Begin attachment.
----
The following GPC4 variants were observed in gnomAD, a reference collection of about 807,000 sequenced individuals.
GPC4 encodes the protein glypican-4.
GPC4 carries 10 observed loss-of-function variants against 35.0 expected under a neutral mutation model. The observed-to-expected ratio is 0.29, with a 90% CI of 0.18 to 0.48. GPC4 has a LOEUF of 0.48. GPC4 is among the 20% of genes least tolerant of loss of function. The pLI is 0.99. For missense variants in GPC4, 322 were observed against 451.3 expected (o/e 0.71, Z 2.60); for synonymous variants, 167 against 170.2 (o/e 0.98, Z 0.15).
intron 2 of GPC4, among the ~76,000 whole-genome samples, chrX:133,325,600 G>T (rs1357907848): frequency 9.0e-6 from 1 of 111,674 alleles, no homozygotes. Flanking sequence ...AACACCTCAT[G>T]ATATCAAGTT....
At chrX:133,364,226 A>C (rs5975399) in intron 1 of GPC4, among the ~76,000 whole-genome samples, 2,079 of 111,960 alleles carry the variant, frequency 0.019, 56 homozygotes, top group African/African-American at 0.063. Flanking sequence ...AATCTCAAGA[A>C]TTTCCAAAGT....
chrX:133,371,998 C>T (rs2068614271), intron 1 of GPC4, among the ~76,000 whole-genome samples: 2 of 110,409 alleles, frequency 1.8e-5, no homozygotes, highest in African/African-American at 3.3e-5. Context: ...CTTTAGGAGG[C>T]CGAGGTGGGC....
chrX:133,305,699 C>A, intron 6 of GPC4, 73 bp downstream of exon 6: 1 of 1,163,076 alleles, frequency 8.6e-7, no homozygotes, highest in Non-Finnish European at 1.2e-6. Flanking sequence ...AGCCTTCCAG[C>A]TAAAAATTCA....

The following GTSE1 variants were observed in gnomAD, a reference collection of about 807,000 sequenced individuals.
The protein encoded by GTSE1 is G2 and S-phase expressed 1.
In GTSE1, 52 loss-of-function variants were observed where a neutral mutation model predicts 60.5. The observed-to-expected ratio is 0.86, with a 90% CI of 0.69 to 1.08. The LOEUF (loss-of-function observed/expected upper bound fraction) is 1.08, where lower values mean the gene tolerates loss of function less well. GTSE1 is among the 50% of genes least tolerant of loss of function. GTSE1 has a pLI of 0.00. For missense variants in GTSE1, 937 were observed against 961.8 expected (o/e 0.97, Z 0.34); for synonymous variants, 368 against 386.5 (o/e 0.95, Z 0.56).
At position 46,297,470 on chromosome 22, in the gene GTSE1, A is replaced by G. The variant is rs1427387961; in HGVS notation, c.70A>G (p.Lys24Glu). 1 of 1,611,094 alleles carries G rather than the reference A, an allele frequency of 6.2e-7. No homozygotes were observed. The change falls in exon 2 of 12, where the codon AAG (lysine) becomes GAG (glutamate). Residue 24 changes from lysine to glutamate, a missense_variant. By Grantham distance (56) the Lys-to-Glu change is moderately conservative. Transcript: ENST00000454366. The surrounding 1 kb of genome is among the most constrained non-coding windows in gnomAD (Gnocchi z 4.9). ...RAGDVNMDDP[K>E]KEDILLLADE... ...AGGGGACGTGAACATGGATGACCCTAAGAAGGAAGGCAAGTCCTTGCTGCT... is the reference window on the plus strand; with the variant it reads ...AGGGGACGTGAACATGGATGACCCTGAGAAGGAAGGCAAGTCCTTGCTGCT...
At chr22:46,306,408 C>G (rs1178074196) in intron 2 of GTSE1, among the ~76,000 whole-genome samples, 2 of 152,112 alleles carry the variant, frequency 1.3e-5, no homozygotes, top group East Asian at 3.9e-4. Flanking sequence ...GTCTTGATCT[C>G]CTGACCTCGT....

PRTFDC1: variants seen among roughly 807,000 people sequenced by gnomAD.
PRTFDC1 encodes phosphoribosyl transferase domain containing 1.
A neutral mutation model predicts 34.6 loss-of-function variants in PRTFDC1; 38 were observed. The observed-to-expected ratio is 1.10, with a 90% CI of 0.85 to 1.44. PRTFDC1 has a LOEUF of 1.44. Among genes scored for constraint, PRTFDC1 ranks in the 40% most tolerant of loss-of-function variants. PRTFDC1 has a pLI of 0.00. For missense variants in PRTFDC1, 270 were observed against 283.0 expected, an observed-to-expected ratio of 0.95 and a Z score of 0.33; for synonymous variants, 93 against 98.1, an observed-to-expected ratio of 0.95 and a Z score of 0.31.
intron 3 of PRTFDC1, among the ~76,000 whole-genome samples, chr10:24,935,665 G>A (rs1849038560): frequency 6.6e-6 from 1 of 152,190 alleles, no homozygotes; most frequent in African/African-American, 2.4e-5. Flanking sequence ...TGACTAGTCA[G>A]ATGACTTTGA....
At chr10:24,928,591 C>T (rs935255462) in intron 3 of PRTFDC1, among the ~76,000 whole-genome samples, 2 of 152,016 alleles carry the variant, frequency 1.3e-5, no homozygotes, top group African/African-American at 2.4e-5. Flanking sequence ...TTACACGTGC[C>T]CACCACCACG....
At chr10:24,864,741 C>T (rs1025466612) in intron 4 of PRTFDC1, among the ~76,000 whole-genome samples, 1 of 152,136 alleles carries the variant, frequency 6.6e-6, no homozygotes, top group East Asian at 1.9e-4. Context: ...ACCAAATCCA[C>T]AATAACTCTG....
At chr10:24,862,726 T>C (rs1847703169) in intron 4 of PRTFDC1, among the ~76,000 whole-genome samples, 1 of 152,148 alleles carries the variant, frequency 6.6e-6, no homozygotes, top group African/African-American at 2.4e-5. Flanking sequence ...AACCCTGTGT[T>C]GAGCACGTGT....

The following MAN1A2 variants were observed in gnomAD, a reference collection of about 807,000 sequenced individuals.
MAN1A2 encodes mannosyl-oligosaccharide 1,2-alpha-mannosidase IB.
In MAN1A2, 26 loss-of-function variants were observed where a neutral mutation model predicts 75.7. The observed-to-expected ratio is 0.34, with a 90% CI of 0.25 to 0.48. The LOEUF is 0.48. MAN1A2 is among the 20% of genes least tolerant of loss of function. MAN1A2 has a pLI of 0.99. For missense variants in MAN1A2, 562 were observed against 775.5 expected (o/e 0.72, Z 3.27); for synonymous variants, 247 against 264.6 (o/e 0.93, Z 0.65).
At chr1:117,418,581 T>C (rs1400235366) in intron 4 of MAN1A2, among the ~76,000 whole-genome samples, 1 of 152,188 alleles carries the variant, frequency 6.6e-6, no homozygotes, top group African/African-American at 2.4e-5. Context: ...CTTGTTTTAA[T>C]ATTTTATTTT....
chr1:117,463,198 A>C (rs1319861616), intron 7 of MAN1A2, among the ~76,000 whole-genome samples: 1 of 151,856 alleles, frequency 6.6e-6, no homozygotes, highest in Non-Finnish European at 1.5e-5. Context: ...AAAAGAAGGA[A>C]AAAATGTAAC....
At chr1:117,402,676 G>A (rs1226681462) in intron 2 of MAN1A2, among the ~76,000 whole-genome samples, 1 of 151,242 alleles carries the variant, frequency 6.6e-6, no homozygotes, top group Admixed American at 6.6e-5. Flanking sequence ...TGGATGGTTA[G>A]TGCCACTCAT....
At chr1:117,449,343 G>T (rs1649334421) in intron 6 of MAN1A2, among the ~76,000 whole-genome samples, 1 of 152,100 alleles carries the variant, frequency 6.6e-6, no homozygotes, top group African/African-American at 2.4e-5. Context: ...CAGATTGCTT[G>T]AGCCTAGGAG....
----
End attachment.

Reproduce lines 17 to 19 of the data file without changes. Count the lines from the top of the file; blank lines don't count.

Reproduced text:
At chr10:24,928,591 C>T (rs935255462) in intron 3 of PRTFDC1, among the ~76,000 whole-genome samples, 2 of 152,016 alleles carry the variant, frequency 1.3e-5, no homozygotes, top group African/African-American at 2.4e-5. Flanking sequence ...TTACACGTGC[C>T]CACCACCACG....
At chr10:24,864,741 C>T (rs1025466612) in intron 4 of PRTFDC1, among the ~76,000 whole-genome samples, 1 of 152,136 alleles carries the variant, frequency 6.6e-6, no homozygotes, top group East Asian at 1.9e-4. Context: ...ACCAAATCCA[C>T]AATAACTCTG....
At chr10:24,862,726 T>C (rs1847703169) in intron 4 of PRTFDC1, among the ~76,000 whole-genome samples, 1 of 152,148 alleles carries the variant, frequency 6.6e-6, no homozygotes, top group African/African-American at 2.4e-5. Flanking sequence ...AACCCTGTGT[T>C]GAGCACGTGT....